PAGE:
|Legendary work on Teen Titans, |
Aquaman, and so many other
great DC titles.
I grew up in the 1970s. Pre-Internet, Pre-direct market, pre-everything. Comic collecting was a long, lonely chore, and it began at 9 AM on a Saturday morning. I had four convenience stores to check out, at nearly cardinal points on my internal compass, and limited funds--only a couple of dollars. But it was enough.
You had to do it that way. The Colonial store got slightly different comics than Skinny's, see, and if you didn't check them all, you could miss something. This was essential if you were looking for new comics and trying to follow the story. Nothing broke my heart more than picking up an issue and seeing that little "Screw You, Loser" in the corner of the splash page: "See Last Issue."
|Just seeing the ad for this comic inside|
another title scared the crap out of me.
Something about his covers just shot straight into my primate brain and rattled around in there like ball bearings in a Dixie cup. Especially those beautiful Nick Cardy covers. Oh, the stories they told! What wonders they promised! I was compelled to buy those comics, based on the sincerely dramatic covers alone.
Later, I became aware of what an amazing artist Nick Cardy
was; technically, I mean. He was a master storyteller, sure, but there was something so casual, and yet so specific, about his line work and his choices that gave his drawing so much expression and movement. Cardy art jumps off of the page, or alternately, draws you in, inviting you to look over, around, up and down. Not a lot of artists can do what Nick Cardy did, and in such small amounts of space, at that.
|Don't you want to read this story? |
I still do, and I know what happens!
It's very hard to explain to people under the age of 30 what it was like collecting comics prior to 1985. If you bought a comic book at a convenience store one month, there was NO guarantee the next issue would be there the next month. If you wanted to know something about the Flash's Rogues Gallery, you had to either write a letter (with a pen and paper) and hope that it got answered, or you waited for giant-sized editions of the comics to come out with reprint stories, and you prayed for a retelling of the origin of Captain Cold. That's it. Those were your choices. There MAY have been a real, hardcover book or two that MIGHT have some comic book history in it, tucked away at the local library, IF your library was hip. Mine was not. But I was a precocious reader, and I was able to sucker my family into buying me hardcover and softcover reprint collections as they were initially being floated in the bookstore market. I've still got my "Superman: from the 40s to the 70s" hardcover. But it STILL wasn't enough.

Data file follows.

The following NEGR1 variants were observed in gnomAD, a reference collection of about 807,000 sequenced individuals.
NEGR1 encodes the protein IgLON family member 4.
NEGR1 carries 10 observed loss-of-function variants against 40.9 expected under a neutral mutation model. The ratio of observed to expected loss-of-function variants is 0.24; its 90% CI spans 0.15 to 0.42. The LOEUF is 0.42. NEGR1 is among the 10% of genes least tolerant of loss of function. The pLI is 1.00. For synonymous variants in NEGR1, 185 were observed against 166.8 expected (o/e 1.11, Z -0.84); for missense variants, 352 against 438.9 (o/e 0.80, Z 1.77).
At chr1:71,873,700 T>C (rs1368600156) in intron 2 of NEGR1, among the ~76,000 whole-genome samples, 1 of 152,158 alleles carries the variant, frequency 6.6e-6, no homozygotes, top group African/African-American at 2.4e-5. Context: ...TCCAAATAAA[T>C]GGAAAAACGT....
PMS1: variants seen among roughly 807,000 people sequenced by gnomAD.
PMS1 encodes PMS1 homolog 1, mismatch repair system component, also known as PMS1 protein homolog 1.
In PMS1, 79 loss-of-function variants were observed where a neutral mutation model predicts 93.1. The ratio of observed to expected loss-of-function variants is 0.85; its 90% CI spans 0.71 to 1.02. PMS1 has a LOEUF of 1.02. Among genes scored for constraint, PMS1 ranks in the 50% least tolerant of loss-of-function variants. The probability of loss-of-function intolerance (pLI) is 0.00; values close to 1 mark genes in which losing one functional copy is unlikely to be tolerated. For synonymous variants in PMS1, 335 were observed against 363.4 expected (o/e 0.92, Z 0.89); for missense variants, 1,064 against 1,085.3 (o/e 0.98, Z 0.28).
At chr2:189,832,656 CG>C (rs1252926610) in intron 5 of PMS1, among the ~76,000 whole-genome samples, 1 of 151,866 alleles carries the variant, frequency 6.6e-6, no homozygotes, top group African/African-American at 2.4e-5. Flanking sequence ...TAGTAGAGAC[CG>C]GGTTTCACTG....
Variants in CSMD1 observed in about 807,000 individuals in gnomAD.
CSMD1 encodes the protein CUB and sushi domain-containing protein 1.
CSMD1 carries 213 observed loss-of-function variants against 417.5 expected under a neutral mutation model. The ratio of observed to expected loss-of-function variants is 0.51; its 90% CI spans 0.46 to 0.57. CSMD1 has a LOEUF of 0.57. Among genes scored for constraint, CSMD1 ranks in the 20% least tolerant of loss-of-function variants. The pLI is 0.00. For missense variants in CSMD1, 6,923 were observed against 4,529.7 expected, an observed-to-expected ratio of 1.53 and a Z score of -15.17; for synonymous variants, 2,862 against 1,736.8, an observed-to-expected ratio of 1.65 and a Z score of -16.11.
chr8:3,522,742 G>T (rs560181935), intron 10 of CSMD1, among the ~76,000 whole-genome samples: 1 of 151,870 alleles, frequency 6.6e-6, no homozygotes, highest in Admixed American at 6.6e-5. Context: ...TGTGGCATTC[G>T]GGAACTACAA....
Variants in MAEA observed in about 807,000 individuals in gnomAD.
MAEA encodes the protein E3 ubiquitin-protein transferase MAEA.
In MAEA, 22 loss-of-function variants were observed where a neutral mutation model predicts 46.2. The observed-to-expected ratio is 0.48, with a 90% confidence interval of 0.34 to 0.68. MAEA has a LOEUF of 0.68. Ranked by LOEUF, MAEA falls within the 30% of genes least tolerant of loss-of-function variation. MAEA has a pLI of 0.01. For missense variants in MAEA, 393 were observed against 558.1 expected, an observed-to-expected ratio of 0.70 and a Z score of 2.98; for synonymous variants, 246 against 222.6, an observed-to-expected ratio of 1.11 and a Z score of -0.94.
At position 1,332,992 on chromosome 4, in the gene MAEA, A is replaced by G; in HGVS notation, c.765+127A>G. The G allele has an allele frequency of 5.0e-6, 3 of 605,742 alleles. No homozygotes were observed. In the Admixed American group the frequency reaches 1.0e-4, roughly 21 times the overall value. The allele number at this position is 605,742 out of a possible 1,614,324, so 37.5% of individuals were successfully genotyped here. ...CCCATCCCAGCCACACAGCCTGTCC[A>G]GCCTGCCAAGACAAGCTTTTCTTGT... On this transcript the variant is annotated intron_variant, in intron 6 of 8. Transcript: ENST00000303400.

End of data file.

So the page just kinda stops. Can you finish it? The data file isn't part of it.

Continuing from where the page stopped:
|These books were my bread and butter.|
I was DC's reprint book market.
If there is a heaven, and I think there is, I'd like to think that Will Eisner is running the shop up there, with Kirby and Kubert and all the rest of them. It looks like their cover artist just showed up. I can't wait to read those comics. Rest in Peace, sir.